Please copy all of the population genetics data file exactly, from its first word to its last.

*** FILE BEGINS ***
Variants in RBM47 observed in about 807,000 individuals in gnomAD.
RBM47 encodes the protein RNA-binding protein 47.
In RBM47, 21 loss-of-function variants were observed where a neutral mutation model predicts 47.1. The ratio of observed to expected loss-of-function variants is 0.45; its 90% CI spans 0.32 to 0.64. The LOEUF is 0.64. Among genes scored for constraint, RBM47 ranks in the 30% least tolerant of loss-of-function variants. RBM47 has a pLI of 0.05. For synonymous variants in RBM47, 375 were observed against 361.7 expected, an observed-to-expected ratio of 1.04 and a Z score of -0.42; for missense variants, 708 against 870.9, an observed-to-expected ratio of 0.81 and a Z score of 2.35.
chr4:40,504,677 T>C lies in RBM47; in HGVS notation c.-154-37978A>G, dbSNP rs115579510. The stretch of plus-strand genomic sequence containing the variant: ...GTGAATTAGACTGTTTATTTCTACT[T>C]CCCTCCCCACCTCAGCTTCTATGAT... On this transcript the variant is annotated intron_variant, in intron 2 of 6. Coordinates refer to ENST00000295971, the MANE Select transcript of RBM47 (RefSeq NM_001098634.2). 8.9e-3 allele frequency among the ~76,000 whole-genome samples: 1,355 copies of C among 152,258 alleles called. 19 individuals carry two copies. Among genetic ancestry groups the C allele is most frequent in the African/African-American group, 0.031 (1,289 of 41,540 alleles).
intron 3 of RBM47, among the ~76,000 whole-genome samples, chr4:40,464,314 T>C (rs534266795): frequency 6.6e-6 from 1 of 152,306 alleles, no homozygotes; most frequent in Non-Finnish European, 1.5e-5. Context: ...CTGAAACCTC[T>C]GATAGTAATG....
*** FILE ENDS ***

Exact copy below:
Variants in RBM47 observed in about 807,000 individuals in gnomAD.
RBM47 encodes the protein RNA-binding protein 47.
In RBM47, 21 loss-of-function variants were observed where a neutral mutation model predicts 47.1. The ratio of observed to expected loss-of-function variants is 0.45; its 90% CI spans 0.32 to 0.64. The LOEUF is 0.64. Among genes scored for constraint, RBM47 ranks in the 30% least tolerant of loss-of-function variants. RBM47 has a pLI of 0.05. For synonymous variants in RBM47, 375 were observed against 361.7 expected, an observed-to-expected ratio of 1.04 and a Z score of -0.42; for missense variants, 708 against 870.9, an observed-to-expected ratio of 0.81 and a Z score of 2.35.
chr4:40,504,677 T>C lies in RBM47; in HGVS notation c.-154-37978A>G, dbSNP rs115579510. The stretch of plus-strand genomic sequence containing the variant: ...GTGAATTAGACTGTTTATTTCTACT[T>C]CCCTCCCCACCTCAGCTTCTATGAT... On this transcript the variant is annotated intron_variant, in intron 2 of 6. Coordinates refer to ENST00000295971, the MANE Select transcript of RBM47 (RefSeq NM_001098634.2). 8.9e-3 allele frequency among the ~76,000 whole-genome samples: 1,355 copies of C among 152,258 alleles called. 19 individuals carry two copies. Among genetic ancestry groups the C allele is most frequent in the African/African-American group, 0.031 (1,289 of 41,540 alleles).
intron 3 of RBM47, among the ~76,000 whole-genome samples, chr4:40,464,314 T>C (rs534266795): frequency 6.6e-6 from 1 of 152,306 alleles, no homozygotes; most frequent in Non-Finnish European, 1.5e-5. Context: ...CTGAAACCTC[T>C]GATAGTAATG....